The Bible talks of a number of occasions when people stand before G-d. Joshua calls the people of Israel together before he dies to remind them of all that the L-rd had done for them and urge them to choose to serve the L-rd (Joshua 24). When the people returned from Babylon, "When the seventh month arrived -- the Israelites being settled in their towns -- the entire people assembled as one man in Jerusalem" to build the altar to the L-rd before "they offered burnt offerings on it to the L-RD, burnt offerings each morning and evening. Then they celebrated the festival of Tabernacles as is written" (Ezra 3:1-4, NJPS). In Ezekiel's vision of the temple, "the Levitical priests, the sons of Zadok, who kept the charge of my sanctuary when the people of Israel went astray from me ... shall stand before me to offer me the fat and the blood, declares the L-rd G-D" (Ezekiel 44:15, NJPS). Rav Sha'ul writes to the community in Rome that, "For we will all stand before the judgment seat of G-d; for it is written, 'As I live, says the L-rd, every knee shall bow to me, and every tongue shall confess to G-d'" (Romans 14:10-11, ESV).

Perhaps the two most dramatic occasions are events of final judgement. Yeshua tells the disciples about what will happen when He returns: "But when the Son of Man comes in His glory, and all the angels with Him, then He will sit on His glorious throne. And all the nations will be gathered before Him; and He will separate them from one another, as the shepherd separates the sheep from the goats" (Matthew 25:31-32, NASB), and in John's apocalyptic vision John says that, "I saw a great white throne and Him who sat upon it, from whose presence earth and heaven fled away, and no place was found for them. And I saw the dead, the great and the small, standing before the throne, and books were opened; and another book was opened, which is the book of life; and the dead were judged from the things which were written in the books, according to their deeds" (Revelation 20:11-12, NASB).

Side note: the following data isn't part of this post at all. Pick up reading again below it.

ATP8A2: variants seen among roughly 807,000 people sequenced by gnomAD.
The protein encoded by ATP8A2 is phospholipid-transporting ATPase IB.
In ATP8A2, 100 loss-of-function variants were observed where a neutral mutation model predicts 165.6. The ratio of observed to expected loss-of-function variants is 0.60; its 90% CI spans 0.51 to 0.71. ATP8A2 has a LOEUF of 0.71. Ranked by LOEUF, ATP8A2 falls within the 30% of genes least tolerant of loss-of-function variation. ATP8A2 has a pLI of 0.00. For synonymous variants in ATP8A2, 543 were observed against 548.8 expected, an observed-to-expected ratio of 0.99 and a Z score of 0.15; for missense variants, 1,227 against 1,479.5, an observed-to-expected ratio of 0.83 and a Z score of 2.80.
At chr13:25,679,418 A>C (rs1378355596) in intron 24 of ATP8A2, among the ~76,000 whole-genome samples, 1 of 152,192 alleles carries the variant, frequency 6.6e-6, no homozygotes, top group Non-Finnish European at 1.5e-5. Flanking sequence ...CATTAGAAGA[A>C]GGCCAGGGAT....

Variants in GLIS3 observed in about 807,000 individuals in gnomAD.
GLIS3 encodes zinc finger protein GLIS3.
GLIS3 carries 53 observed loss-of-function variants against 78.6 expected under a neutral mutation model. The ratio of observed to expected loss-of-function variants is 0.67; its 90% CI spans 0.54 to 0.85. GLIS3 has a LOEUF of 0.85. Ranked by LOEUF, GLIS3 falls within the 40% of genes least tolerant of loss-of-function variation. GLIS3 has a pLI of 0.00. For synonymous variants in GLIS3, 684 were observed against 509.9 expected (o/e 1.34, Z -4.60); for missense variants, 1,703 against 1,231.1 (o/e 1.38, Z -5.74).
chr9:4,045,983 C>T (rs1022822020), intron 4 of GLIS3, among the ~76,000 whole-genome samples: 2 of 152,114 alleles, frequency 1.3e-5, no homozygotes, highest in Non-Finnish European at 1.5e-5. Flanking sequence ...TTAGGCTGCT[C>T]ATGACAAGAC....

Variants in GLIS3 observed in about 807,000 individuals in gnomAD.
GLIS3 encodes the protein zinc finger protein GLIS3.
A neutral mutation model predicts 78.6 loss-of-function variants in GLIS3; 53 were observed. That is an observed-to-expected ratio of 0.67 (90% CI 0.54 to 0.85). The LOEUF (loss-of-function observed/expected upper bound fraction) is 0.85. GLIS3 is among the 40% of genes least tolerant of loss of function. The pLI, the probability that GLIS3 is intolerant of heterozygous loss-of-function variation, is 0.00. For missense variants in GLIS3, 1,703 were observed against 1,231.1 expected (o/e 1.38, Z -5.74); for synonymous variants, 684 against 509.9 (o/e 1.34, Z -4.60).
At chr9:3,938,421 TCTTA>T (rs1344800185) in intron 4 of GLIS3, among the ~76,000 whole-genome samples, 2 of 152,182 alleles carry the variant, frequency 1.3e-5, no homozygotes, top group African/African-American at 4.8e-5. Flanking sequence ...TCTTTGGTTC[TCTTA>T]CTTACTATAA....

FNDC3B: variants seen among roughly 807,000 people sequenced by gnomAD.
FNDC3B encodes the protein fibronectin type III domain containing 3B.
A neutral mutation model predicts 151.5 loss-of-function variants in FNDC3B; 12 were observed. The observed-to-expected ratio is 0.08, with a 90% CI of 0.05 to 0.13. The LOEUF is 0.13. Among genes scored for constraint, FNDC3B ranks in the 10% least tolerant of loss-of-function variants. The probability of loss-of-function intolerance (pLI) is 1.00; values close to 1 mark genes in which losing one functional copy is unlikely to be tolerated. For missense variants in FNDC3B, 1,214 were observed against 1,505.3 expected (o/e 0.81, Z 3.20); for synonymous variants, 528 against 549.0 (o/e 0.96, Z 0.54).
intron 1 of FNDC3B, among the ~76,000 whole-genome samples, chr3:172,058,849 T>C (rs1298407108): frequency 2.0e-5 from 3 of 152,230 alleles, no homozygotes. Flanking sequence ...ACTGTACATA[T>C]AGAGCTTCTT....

Everything has a purpose and Solomon writes that "To everything there is a season, a time for every purpose under heaven" (Ecclesiastes 3:1, NKJV). We are standing here today before G-d for a purpose, whether at home, at church or in congregation, at work; even in hospital or a hospice. What is your purpose in standing before G-d? Are you seeking wisdom or healing, grace or forgiveness, favour or success in business or employment, help in a time of trouble? Remember Yeshua's words that "everyone who asks receives, and he who seeks finds, and to him who knocks it shall be opened" (Matthew 7:8, NASB. What is His purpose for you standing before Him? Is He wanting to know you, offering counsel and direction, calling for attitude adjustments or changes in behaviour, speaking in judgement or calling the end of your life here on this earth? He cannot be avoided or ignored and He will have His way. The Psalmist reminds us that:

As for man, his days are like grass; as a flower of the field, so he flourishes.

When the wind has passed over it, it is no more; and its place acknowledges it no longer.

But the lovingkindness of the LORD is from everlasting to everlasting on those who fear Him, and His righteousness to children's children,

To those who keep His covenant, and who remember His precepts to do them.

(Psalm 103:15-18, NASB)

The L-rd is calling all of us to pass into His covenant that he is making with us in Yeshua His Son. He is calling us to put down what we are carrying so that we may single-mindedly enter further and deeper into covenant with Him and know His full provision, guidance and direction in and for our lives. Like the ancient Israelites, waiting on the plains of Moab, now is the moment, before we enter the land, before we receive the fulfillment of His promise.

Further Study: 2 Chronicles 15:12-15; 2 Corinthians 5:6-10

Application: Have you entered fully into the covenant with G-d that He is offering you today? How can you engage further and become more deeply involved with and committed to His covenant and life in Yeshua?

03:46 07Sep18 DS: I find YHVH's expectations of us very clear & comforting, removing any uncertainty about our role in His master plan

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© Jonathan Allen, 2018